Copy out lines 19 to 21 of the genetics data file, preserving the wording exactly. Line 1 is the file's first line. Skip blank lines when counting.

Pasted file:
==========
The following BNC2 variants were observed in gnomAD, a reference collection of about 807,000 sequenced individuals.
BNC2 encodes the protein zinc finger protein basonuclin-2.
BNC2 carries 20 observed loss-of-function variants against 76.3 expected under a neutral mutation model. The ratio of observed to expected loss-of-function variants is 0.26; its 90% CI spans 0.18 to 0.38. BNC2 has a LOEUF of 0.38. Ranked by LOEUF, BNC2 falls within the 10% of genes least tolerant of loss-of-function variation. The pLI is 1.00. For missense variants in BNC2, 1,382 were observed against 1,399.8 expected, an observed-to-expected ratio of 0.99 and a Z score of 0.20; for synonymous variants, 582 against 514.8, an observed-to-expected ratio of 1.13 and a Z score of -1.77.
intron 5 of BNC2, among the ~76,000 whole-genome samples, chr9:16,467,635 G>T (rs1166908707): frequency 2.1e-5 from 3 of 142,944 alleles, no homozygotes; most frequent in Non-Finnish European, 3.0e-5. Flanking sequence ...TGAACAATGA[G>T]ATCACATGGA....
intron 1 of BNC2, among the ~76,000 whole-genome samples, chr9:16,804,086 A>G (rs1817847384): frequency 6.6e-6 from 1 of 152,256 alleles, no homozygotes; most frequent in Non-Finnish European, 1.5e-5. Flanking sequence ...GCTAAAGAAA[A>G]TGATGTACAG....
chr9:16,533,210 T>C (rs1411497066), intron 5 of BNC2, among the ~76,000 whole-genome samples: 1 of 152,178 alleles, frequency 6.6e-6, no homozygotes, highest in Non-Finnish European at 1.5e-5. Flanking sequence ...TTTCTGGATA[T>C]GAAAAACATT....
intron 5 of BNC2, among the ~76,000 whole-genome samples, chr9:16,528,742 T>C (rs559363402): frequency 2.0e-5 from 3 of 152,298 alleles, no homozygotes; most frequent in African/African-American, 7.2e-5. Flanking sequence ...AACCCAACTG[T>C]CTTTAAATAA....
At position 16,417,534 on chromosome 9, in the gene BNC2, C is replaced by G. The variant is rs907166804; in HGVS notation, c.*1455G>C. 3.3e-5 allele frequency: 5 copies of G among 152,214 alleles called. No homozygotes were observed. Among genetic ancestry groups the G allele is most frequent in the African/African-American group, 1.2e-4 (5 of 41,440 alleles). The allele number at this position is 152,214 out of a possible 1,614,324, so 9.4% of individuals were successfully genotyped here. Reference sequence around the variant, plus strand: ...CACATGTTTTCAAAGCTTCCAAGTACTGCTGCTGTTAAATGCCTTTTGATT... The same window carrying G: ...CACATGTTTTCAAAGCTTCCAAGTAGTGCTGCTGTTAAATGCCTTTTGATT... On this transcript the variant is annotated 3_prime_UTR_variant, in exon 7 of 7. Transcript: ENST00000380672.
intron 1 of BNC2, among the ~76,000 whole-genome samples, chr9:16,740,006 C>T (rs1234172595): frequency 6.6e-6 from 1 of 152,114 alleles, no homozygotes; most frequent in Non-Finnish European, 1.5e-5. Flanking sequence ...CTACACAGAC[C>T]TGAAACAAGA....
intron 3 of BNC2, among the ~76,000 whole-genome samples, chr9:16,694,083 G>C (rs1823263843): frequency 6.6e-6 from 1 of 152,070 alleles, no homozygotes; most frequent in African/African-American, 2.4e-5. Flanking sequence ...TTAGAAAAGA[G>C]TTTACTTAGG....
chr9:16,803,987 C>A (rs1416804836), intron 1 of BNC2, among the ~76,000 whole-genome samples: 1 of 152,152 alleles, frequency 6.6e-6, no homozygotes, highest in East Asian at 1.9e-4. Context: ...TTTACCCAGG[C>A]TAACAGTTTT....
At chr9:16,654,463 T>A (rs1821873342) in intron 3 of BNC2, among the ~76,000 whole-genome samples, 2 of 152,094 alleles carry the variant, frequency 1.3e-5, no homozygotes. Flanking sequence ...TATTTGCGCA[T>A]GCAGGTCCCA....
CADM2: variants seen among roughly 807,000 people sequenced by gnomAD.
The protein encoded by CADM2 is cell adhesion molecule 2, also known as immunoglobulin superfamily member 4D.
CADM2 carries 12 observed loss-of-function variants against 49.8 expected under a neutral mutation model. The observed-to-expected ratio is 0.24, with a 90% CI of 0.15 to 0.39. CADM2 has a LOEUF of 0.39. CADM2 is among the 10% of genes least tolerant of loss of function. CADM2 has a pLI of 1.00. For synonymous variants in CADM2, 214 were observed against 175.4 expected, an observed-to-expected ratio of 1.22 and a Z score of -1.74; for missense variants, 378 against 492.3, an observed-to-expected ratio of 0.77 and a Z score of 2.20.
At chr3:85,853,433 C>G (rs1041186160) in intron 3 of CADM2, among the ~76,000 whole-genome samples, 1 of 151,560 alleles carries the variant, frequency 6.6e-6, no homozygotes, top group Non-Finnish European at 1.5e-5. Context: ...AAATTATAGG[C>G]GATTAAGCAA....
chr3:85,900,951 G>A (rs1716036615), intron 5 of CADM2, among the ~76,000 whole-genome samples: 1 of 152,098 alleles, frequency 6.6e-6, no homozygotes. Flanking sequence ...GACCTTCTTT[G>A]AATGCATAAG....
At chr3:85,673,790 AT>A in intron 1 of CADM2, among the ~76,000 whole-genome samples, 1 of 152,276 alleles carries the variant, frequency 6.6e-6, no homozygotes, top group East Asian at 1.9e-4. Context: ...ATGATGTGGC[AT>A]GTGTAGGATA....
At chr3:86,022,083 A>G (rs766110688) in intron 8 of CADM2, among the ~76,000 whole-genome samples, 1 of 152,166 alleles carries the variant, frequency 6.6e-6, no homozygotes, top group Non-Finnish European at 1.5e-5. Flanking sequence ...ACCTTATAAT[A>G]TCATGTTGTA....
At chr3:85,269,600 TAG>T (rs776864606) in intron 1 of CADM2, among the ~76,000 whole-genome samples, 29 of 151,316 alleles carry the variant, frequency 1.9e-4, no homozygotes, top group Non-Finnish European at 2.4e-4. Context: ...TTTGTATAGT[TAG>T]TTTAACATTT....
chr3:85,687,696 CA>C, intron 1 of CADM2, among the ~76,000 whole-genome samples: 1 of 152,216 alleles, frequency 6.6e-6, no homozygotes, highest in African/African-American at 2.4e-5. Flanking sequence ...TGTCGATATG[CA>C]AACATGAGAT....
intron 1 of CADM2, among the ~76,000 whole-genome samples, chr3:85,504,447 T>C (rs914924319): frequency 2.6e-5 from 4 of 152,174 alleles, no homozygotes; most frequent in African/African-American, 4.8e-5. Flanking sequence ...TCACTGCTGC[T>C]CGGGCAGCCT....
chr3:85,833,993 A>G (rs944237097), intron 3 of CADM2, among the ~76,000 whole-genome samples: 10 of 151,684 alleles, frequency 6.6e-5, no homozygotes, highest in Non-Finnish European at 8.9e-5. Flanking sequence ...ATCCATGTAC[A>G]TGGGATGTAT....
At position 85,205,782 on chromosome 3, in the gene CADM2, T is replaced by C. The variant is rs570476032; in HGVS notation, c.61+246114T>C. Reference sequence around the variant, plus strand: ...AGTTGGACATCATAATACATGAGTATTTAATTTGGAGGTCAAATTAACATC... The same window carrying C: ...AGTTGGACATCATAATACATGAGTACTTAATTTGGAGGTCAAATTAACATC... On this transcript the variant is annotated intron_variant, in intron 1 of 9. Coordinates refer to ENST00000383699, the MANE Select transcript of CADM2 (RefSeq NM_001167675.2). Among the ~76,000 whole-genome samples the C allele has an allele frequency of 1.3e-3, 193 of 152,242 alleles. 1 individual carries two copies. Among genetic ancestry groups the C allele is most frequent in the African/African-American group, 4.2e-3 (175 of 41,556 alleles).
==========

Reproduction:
At chr3:86,022,083 A>G (rs766110688) in intron 8 of CADM2, among the ~76,000 whole-genome samples, 1 of 152,166 alleles carries the variant, frequency 6.6e-6, no homozygotes, top group Non-Finnish European at 1.5e-5. Flanking sequence ...ACCTTATAAT[A>G]TCATGTTGTA....
At chr3:85,269,600 TAG>T (rs776864606) in intron 1 of CADM2, among the ~76,000 whole-genome samples, 29 of 151,316 alleles carry the variant, frequency 1.9e-4, no homozygotes, top group Non-Finnish European at 2.4e-4. Context: ...TTTGTATAGT[TAG>T]TTTAACATTT....
chr3:85,687,696 CA>C, intron 1 of CADM2, among the ~76,000 whole-genome samples: 1 of 152,216 alleles, frequency 6.6e-6, no homozygotes, highest in African/African-American at 2.4e-5. Flanking sequence ...TGTCGATATG[CA>C]AACATGAGAT....